Ella Kennedy Davis, Lucas Papaelias. Photo: Joan Marcus.
There she befriends the old lady despite the latter’s avowed dislike of kids and insistence that her place is a “kid-free zone.” In one of several feeble grasps for laughs, Ferrentino has Julie confuse Cloris’s name with a certain brand of bleach.
Ella Kennedy Davis, Lucas Papaelias. Photo: Joan Marcus.
This clichéd relationship between the uptight child and the cranky but inherently maternal senior becomes even harder to accept when Cloris, having no instrument (she sold hers for a dishwasher), teaches Julie to play the cello by miming the movements.
Ella Kennedy Davis, Lynda Gravatt. Photo: Joan Marcus.
The big crisis comes in a thoroughly implausible scene after Lisa—preoccupied with guaranteeing the school’s safety—discovers that Julie doesn’t belong there and that Dan must send her elsewhere. “Heads up” or not, such decisions are not delivered by one parent to another at their home.
Lucas Papaelias, Ian Saint-Germain, Ella Kennedy Davis, Cassie Beck. Photo: Joan Marcus.
Just as hard to buy is Julie’s anger at learning that the massacre at her school wasn’t an isolated incident but was one of countless others. Zander reminds her of all the safety drills but we’re expected to accept that this otherwise intelligent girl had no idea of what they were for because she doesn’t watch the news.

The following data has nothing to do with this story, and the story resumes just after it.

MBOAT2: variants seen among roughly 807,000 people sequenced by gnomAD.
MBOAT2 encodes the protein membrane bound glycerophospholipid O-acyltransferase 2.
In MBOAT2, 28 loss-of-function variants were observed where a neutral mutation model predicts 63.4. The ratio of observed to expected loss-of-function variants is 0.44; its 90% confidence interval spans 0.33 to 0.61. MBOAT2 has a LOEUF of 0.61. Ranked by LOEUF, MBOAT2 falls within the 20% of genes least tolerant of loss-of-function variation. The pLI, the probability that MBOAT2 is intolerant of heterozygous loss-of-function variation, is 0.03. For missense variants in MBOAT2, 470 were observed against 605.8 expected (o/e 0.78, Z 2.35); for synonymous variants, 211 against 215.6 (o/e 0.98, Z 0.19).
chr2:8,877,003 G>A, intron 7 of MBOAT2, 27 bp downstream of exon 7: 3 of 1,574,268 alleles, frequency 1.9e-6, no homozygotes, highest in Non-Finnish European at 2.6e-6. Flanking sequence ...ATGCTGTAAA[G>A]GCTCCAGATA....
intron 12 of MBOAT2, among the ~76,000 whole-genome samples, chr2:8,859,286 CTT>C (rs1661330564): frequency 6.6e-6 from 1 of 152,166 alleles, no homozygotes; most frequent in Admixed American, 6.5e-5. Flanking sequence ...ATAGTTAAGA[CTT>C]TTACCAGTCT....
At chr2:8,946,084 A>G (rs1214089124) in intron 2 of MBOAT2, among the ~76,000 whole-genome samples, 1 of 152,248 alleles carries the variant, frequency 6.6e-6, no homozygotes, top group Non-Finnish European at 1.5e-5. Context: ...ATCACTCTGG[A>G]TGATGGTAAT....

Cassie Beck, Lucas Papaelias, Ella Kennedy Davis. Photo: Joan Marcus.
Early on, based on Julie’s insecurities (she refuses to go back to school until the problem is “fixed”), it seems the play is going to explore the effects of trauma on schoolkids exposed to gun violence.

But This Flat Earth keeps shifting subjects, like a playwright’s garage sale of disposable ideas: these include adolescent sexual stirrings, flat-chested Julie’s preoccupation with breasts, the differences between the haves and the have-nots, school zoning, the contrast between adult childishness and childish adultness, and even a discourse on the superiority of the cello to the violin.

In the penultimate scene, Julie makes two quite touching speeches in Lisa’s presence, one of them offering a hint as to This Flat Earth’s title. They appear in the play at a moment that might have brought satisfying closure to what’s come before. The playwright, however, has chosen a less propitious way to end her play.

This comes in a scene between Cloris and Julie, wafted on a cello-accompanied breeze of magic realism mixed with a sprinkling of Thornton Wilder: the old woman looks into the future and describes, with heavy irony and a dash of humor, what lies in store for Julie, Dan, the town, and the world in general. She even offers a familiar bromide about why terrible things happen.
Lynda Gravatt, Ella Kennedy Davis. Photo: Joan Marcus.
Gravátt, with her lovely combination of gravity and lightness, and the baby-faced Davis, a deeply impressive, delicately sensitive young actress in a breakout performance, carry the unnecessary scene off nicely. But it's not enough to rescue the unmemorable This Flat Earth, which even lauded director Rebecca Taichman (Indecent) can do little to inflate.